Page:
I suppose that it’s partially inherited from my mother’s father who was a Professor of English, but I have always been interested in the intelligent use of the English language. Yes, I certainly have used my share of slang and jargon (Jargon: the proper name for the language, especially the vocabulary, peculiar to a particular trade, profession, or group). And, I have been known to use a fairly broad range of vulgarisms during my life. Of course, all of these sorts of things are, in fact, legitimate parts of a language, even if such “special” words may be frowned on by my wife and varying groups of the “language police.”
English is a language with roots which can be traced to much of Northern Europe, France, Rome and a wide variety of Celtic and other influences. And, I should add, unlike French and some other languages, it has really never been successfully standardized, although people constantly do insist on trying to do so. (Never completely successfully, I should note.) Some suggest that this lack of standardization MAY be why it seems well-suited for poetry and other forms of linguistic invention. I think it's also why it is so easy to find (or make up) humor based on the foibles of the language.
I got to thinking about this a few weeks ago when someone sent me some grammatical variations on the classic “A man walked into a bar” jokes. This led me to look up “language humor” and I found that there is a good deal of it posted out there. So, I thought I’d share some of what I found. I hope you enjoy it. Who knows, you might even have some questions regarding some of them. I’ll admit that I had to think about some. Still, I think they're amusing, and I hope you will, too. I've also included some grammar/language cards and signs because I found them funny.
An Oxford comma walks into a bar where it spends the evening watching television getting drunk and smoking cigars.
A dangling participle walks into a bar. Enjoying a cocktail and chatting with the bartender, the evening passes pleasantly.
A bar was walked into by the passive voice.
An oxymoron walked into a bar, and the silence was deafening.
Two quotation marks walked into a "bar."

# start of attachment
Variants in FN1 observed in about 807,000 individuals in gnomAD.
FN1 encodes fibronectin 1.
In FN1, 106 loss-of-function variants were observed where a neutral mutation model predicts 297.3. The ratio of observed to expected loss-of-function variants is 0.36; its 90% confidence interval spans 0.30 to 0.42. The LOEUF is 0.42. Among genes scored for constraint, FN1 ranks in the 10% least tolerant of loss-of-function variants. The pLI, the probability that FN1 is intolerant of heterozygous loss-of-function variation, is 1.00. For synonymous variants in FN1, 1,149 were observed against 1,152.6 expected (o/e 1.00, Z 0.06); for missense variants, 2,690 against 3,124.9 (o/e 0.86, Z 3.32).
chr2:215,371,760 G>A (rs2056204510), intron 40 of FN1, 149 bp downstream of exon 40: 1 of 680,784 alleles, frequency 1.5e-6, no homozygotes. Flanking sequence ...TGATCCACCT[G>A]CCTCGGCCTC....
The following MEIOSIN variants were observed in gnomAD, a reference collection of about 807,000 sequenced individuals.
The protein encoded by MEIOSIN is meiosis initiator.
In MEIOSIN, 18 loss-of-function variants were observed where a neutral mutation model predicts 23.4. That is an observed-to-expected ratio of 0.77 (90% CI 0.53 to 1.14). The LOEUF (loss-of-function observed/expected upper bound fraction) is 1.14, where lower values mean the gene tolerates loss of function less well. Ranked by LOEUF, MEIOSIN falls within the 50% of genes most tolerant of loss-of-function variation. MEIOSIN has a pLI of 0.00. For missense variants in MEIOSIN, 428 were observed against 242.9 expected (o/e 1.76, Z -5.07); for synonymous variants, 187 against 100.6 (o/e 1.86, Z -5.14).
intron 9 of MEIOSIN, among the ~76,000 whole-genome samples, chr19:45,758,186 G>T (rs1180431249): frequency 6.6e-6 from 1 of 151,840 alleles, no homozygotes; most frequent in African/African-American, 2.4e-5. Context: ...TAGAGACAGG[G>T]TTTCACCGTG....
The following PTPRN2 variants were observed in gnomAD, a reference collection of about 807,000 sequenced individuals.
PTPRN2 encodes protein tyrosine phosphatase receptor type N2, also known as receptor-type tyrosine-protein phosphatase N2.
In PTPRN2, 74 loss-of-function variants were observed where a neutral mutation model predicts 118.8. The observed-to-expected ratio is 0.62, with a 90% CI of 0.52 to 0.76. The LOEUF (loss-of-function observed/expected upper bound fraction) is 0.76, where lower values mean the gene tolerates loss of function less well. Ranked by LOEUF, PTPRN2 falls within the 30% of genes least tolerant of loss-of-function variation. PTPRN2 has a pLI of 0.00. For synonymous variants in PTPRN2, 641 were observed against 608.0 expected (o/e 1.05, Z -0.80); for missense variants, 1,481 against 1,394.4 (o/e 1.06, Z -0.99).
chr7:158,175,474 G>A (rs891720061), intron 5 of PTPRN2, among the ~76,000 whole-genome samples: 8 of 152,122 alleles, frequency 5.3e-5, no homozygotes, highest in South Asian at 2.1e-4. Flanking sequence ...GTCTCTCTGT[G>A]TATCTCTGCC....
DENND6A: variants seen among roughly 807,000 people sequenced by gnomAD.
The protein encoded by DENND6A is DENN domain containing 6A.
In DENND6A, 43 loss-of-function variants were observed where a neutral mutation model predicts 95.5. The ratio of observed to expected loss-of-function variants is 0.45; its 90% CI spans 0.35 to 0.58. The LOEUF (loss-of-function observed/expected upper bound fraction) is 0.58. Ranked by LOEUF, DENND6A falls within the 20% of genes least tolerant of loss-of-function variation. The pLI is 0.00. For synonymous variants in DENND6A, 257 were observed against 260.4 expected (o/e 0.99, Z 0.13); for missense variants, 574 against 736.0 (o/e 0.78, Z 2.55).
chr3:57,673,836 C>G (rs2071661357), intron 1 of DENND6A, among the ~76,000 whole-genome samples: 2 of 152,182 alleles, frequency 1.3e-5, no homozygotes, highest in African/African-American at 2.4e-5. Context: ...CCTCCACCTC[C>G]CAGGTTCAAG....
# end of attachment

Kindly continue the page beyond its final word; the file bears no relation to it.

A malapropism walks into a bar, looking for all intensive purposes like a wolf in cheap clothing, muttering epitaphs and casting dispersions on his magnificent other, who takes him for granite.
Hyperbole totally rips into this insane bar and absolutely destroys everything.
A question mark walks into a bar?
A non sequitur walks into a bar. In a strong wind, even turkeys can fly.
Papyrus and Comic Sans walk into a bar. The bartender says, "Get out -- we don't serve your type."
A mixed metaphor walks into a bar, seeing the handwriting on the wall but hoping to nip it in the bud.
There seems to be quite a lot of folks who have noticed that many people have difficulty with commas, and so they have posted amusing examples. Here are some:
One of my watchwords from my paper grading/thesis editing days was:
Bonnie and I were watching something on the news recently when the reporter, referring to plans for opening schools, mentioned the idea that the desks needed to be spaced out in the classrooms to avoid spreading COVID. This got us to thinking about how the phrase "spaced out" has recently come to mean something quite different from what it did when we were in college. That amused us a good deal, so I thought I'd include mention of this in this post. Ah, the changes time brings to language.
Here's another example from "Zits:"
In any event, I'll be back in a couple of weeks....
P.S. I saw this the other day and couldn’t resist. Okay, it COULD be considered political, by those with no sense of humor, but it gave me hysterics!